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Jacobs Institute
The Jacobs Institute for Design Innovation at UC Berkeley, like the EnVision Maker Studio at UC San Diego, represents a novel direction in engineering education that seeks to integrate elements of Maker culture. Photo © Tim Griffith, courtesy of UCB.

UC Berkeley and UC San Diego Explore Engineering Education of the Future through Making

By M. DANIEL DECILLIS | June 30, 2016
CCST is sustained by a network of top academic and research institutions throughout California. This CCST Spotlight features the following Sustaining Institutions and Affiliates:
  • University of California Berkeley
  • University of California San Diego
  • California Community College System
  • The University of California Berkeley (UC Berkeley) and University of California San Diego (UC San Diego) are both located in world-renowned hubs of engineering education and high-tech innovation. In many ways, they're at the cutting edge of their fields. It's no surprise then that both campuses have invested in facilities that break the mold of traditional engineering education, looking to the Maker movement for inspiration.

    "We were driven by a vision of having a large-scale impact on undergraduate engineering education," said Björn Hartmann, Interim Faculty Director at the Jacobs Institute for Design Innovation at UC Berkeley. "Engineering alone is not enough. Technical work tends to take place in a team context, and teams have to understand the needs of their users."

    The Jacobs Institute involves a shared set of facilities in which both regular College of Engineering classes and less structured makerspace activities take place. It's an 'interdisciplinary ecosystem' which seeks to foster a focus on design for real impact.

    Many educational institutions have been attracted to the less structured, more open aspects of makerspaces, communal facilities which offer opportunities for collaboration with a supportive, interdisciplinary community. However, institutions of higher education are still experimenting with ways to incorporate the deliberately unstructured, supportive environment of the makerspace with the need for grading metrics which are applicable to a formal degree program.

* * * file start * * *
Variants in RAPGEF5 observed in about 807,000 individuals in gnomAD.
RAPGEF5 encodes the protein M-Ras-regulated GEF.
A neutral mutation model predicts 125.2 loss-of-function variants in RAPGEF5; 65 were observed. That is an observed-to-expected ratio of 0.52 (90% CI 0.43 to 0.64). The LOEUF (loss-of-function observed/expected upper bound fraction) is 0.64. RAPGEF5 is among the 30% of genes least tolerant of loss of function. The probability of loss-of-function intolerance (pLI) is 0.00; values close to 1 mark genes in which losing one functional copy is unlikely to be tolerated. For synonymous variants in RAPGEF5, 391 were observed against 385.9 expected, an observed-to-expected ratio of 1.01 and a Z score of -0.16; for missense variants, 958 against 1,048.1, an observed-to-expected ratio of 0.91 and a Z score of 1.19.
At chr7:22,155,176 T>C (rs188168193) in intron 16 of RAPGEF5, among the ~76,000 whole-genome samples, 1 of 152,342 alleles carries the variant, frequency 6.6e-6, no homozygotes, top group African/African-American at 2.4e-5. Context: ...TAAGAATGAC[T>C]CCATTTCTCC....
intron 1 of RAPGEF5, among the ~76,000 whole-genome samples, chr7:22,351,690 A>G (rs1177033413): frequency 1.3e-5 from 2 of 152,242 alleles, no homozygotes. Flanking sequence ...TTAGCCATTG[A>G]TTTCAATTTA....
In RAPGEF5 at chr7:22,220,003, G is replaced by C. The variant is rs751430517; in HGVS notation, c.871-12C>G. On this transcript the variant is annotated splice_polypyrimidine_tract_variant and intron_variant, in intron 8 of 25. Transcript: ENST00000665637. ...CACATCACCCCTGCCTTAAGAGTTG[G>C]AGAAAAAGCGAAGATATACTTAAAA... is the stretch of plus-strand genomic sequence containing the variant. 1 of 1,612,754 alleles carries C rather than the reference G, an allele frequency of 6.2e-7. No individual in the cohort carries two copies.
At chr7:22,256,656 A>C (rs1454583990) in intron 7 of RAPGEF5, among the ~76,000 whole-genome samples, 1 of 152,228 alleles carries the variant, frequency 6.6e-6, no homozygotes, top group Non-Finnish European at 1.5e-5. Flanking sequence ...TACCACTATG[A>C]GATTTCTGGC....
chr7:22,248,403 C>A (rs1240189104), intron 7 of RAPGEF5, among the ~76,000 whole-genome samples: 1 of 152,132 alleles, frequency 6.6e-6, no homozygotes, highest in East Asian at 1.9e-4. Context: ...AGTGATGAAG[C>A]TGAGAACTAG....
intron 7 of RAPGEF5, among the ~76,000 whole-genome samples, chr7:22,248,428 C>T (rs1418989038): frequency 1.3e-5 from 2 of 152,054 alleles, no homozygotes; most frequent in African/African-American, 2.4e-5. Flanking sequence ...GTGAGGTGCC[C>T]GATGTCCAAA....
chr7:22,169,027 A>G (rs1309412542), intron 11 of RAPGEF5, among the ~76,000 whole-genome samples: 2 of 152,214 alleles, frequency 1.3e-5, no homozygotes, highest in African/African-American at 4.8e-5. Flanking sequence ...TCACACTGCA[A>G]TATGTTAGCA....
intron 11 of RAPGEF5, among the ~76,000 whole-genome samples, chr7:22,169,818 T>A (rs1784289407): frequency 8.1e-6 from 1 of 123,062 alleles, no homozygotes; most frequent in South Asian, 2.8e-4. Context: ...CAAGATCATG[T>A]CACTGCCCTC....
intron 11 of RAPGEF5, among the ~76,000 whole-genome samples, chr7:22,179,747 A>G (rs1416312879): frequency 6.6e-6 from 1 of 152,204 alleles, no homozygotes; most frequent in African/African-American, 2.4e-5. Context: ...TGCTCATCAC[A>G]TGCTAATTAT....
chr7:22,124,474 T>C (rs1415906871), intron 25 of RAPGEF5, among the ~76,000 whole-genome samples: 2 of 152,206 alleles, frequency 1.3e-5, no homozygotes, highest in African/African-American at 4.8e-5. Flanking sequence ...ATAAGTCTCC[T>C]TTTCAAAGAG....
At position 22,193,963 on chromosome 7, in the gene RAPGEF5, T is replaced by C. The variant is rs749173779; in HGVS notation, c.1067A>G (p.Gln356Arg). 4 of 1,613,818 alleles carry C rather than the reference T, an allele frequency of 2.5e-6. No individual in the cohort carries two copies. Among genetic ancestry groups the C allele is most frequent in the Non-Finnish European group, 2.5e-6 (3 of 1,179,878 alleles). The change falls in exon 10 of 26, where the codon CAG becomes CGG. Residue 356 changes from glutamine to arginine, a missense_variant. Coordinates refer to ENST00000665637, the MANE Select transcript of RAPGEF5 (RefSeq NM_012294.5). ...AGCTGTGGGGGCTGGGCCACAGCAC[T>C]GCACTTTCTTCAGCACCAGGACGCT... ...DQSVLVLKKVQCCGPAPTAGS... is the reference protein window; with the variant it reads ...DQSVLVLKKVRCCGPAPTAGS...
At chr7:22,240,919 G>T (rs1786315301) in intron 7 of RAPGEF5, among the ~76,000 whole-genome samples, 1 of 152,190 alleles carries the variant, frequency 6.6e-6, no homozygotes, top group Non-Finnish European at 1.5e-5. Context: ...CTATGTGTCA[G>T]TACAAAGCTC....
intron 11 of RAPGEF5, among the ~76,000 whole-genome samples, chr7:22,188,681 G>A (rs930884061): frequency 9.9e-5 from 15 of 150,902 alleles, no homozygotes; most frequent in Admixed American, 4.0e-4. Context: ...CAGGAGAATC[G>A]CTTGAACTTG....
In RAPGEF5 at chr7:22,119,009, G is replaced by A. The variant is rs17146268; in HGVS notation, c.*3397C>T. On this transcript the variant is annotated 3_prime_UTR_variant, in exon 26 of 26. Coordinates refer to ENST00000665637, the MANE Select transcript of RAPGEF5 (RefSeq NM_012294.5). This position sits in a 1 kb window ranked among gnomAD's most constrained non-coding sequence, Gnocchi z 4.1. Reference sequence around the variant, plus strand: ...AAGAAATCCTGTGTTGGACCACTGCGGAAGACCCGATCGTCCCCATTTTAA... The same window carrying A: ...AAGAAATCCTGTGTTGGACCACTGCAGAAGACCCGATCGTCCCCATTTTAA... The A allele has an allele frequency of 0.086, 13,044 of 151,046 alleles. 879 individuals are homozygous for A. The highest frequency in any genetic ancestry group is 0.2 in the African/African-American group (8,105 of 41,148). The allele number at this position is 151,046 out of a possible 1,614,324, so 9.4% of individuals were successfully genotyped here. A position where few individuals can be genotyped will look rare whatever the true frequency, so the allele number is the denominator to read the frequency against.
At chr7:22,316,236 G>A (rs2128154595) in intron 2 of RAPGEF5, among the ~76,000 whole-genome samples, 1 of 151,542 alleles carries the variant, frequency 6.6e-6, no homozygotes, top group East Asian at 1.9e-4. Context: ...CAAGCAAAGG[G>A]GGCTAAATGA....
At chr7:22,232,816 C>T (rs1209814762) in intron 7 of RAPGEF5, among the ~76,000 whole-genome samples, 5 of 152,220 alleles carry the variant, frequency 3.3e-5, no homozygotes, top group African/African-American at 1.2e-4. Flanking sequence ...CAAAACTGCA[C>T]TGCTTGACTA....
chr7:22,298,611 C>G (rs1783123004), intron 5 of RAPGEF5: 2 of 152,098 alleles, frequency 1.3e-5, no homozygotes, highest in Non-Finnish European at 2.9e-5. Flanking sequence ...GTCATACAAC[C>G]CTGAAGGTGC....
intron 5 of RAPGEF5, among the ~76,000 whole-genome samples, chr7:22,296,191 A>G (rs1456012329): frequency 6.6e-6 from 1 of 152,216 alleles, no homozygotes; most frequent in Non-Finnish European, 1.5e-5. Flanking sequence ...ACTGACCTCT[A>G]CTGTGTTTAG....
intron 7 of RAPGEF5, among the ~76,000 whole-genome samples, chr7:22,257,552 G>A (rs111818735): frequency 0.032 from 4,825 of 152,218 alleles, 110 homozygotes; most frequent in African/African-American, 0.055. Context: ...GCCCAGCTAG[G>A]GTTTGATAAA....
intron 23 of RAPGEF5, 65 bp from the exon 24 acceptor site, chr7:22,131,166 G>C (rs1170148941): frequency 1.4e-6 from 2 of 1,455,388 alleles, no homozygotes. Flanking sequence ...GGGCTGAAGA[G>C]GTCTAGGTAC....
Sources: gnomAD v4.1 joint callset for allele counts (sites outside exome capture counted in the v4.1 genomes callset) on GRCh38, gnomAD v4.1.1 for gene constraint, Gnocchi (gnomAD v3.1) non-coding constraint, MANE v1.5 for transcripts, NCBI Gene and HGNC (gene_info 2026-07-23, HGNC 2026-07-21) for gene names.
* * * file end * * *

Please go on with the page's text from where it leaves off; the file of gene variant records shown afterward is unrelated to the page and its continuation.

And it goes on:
"We have a mix of activities. The classes held here tend to have more open-ended projects," said Hartmann. "We also work to engage students from different disciplines outside of engineering, including the humanities. Many of our courses are College of Engineering classes, but they all have a connection to our core mission."

    A similar philosophy drives the EnVision Arts and Engineering Maker Studio at the Jacobs School of Engineering at UC San Diego, which opened in January 2016. EnVision is described as an 'experiential teaching facility' where both engineering and visual arts students are empowered to tinker in a supportive environment.

    "One of the unique aspects of the EnVision studio is that we have seven departments offering hands-on freshmen level classes ranging from nanoengineering to visual arts," said Nate Delson, Envision Maker Studio Faculty Director. "While setting up the space an emphasis was placed on creating a culture of inclusiveness and excellence. By empowering students, we have seen them take on more responsibility and self initiative."

    "This summer we will have over 100 student volunteers building examples and tutorials for future students," Delson added. "Example projects and the iterative design process will guide students to excellence in their own efforts."

    While the approaches of the EnVision Studio and the Jacobs Institute are similar, the facilities were developed independently of one another. Both, however, share the same goals of inclusivity and reaching out to other institutions in their respective areas (both EnVision and the Jacobs Institute participated in the InnovationMaker3 Symposium Series hosted by CCST and the California Community Colleges Chancellor's Office earlier this month).

    "There are multiple threads going on in parallel," said Hartmann. "Making is a cross-cutting activity. We all want to foster that interdisciplinary interaction and for students to be engaged and welcome. It is, we think, the way forward."

    M. Daniel DeCillis, PhD is the Spotlight editor and a Senior Research Associate at the California Council on Science and Technology.

    The California Council on Science and Technology (CCST) is a nonpartisan, not-for-profit organization established via the California State Assembly - making California's policies stronger with science since 1988. CCST provides California's Executive and Legislative Branches with independent scientific advice, convening a diverse network of expertise spanning California's public and private universities, community colleges, and Federal research laboratories.

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    CCST Sustaining Institutions and Affiliates Featured: University of California Berkeley; University of California San Diego; California Community College System

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